Returning colonial-era heritage and the law – looking back to move forward

by: in Law

In the fall of last year, the Dutch Raad voor Cultuur has issued an advice on how the Dutch government and Dutch museums (and the broader public in the Netherlands in general) should deal with the continuing presence of colonial-era heritage in Dutch museum collections. The report constitutes a crucial step towards addressing the continued presence of colonial-era heritage in Dutch (and European) museums. It also raises a number of questions, in particular how do we go forward from here.

The report estimates the presence of hundreds of thousand objects in Dutch museums that were taken during colonialism. If we compare numbers from similar reports written on the French context, or the United States (colonial-era heritage of Native Americans, Native Hawaiians and other indigenous communities that remained in US museums and other institutions), this scale is neither surprising nor unprecedented. It may seem daunting to those unfamiliar with the context of returning colonial-era heritage, but we are addressing the legacy of roughly 500 years period of European colonialism. There is thus much to consider and returning heritage from Dutch museums to governments of former colonies (or communities) will take time.

Legal and ethical difficulties
The (legal) difficulties in returning colonial-era heritage are varied, they range from the absence of an international treaty (provision) that creates a right (and duty) to return objects across territorial borders, over the sheer time period that has passed (which for example makes establishing the origin and context of the original taking difficult) to the resources necessary to achieve this. On top of this, objects were taken under a variety of circumstances (for example during military expeditions or due to missionary collecting). All of this is set against a backdrop of historical wrongdoing and was facilitated by the law applicable at the time. What is more, its consequences reach into present time. This makes it even more important to think very carefully about how to proceed with returning colonial-era heritage. The report rightly underlines the importance of unconditional returns in this respect. We need to consider returns against this background of wrongdoing, and the potential impact of the object to the people who claim it in the present day. This includes not making a return conditional upon the existence of i.e. storage and display facilities.

One area that was overlooked for some time in connection to returning heritage, was the relationship between returning cultural heritage and human rights. The absence of cultural heritage in countries and communities of origin can also impairs the cultural rights of individuals and communities.

This holds true both for the large-scale absence of heritage as well as for the absence of particular items, notably sacred/ ceremonial heritage or cultural heritage that is of particular importance to a community. Rights in question include the right to take part in the cultural life (Art.15(1)(a) ICESCR), the freedom of religion (Art.18(1) ICCPR), right of a minority (and indigenous peoples) to enjoy its own culture (Art.27 ICCPR) and a large number of indigenous human rights standards (Arts.11, 12, 31 UNDRIP to name just a few). Returning cultural heritage to indigenous communities (often referred to as repatriation) can be one way to guarantee access and use of sacred cultural heritage, for example. Most recently, the Expert Mechanism on the Rights of Indigenous Peoples has similarly highlighted the importance of the repatriation of ceremonial objects (and human remains which thankfully are no longer classified as cultural heritage by a majority of institutions and countries) for human rights protection.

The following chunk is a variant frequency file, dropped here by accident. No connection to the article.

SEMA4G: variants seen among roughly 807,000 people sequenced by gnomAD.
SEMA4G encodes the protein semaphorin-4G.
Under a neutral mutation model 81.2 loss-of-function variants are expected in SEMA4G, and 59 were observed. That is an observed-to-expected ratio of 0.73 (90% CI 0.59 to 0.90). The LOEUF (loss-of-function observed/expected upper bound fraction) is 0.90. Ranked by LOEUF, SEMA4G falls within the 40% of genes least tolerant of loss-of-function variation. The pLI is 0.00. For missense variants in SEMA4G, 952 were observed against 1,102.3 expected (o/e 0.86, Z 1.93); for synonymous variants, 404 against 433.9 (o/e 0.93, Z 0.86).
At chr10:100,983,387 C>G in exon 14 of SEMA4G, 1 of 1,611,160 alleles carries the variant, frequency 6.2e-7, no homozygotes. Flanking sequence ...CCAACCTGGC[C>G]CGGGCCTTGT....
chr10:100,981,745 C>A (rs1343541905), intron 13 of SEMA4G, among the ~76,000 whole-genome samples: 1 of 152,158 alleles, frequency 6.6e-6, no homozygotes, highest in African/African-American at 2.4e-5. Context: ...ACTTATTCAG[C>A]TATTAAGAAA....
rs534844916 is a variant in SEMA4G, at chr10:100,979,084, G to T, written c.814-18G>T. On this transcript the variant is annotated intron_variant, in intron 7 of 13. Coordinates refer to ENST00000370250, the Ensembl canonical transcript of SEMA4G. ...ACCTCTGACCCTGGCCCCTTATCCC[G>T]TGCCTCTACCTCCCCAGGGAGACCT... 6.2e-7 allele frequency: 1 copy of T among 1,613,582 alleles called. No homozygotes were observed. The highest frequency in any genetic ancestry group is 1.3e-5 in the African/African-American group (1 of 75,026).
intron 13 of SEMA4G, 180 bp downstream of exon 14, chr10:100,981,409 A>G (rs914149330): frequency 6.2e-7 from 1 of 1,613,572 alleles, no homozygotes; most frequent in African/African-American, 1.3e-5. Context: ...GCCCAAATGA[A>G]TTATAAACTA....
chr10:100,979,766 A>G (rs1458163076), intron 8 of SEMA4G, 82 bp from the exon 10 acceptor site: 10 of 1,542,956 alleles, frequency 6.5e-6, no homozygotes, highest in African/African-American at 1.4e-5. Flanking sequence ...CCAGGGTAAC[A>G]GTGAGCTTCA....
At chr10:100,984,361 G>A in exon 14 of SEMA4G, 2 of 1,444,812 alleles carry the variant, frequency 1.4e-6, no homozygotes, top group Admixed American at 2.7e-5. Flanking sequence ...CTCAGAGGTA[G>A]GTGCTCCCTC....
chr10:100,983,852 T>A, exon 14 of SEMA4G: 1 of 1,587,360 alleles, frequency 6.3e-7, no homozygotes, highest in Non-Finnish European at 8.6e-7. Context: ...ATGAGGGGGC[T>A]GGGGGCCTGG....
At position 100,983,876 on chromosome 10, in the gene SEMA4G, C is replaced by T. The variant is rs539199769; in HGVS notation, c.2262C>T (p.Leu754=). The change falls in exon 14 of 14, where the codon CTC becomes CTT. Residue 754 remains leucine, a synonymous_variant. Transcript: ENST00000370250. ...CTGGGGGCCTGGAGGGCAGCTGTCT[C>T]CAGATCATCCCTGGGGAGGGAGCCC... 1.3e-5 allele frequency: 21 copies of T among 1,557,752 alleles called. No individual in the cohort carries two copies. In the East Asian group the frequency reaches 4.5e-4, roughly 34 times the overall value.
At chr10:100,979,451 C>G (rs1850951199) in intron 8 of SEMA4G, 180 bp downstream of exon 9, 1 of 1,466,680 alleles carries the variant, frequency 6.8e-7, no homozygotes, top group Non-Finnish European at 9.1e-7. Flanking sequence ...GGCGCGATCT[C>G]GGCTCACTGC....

Lessons from existing return frameworks
There are thus a large number of existing and potential difficulties that a framework that governs the return of colonial-era heritage from the Netherlands to countries (or communities) of origin needs to consider and navigate. Fortunately, there are many examples out there from which we can learn, and the report itself has also made a number of important points in this regard. In general, we can observe that frameworks that govern the return of colonial-era heritage have existed for 20-30 years in countries such as Canada and the United States for example. We can learn much from these cases, both in terms of the value of consulting and cooperating respectfully with the claimants as well as in terms of how we choose to define heritage, and how we seek to connect the cultural heritage that is being reclaimed to the claimant country or community. Repatriation of Sacred Indigenous Cultural Heritage and the Law – Lessons from the United States and Canada develops guidelines how museums can better align their frameworks with contemporary human rights standards and synthesizes possible repatriation models and good practices from existing examples.

It is clear, however, that much work still needs to be done in dealing with colonial-era heritage in our collections. The most recent report in the Netherlands constitutes an important step in this direction. It is up to all of us now (not only our museums) to take up this call and take the next step.

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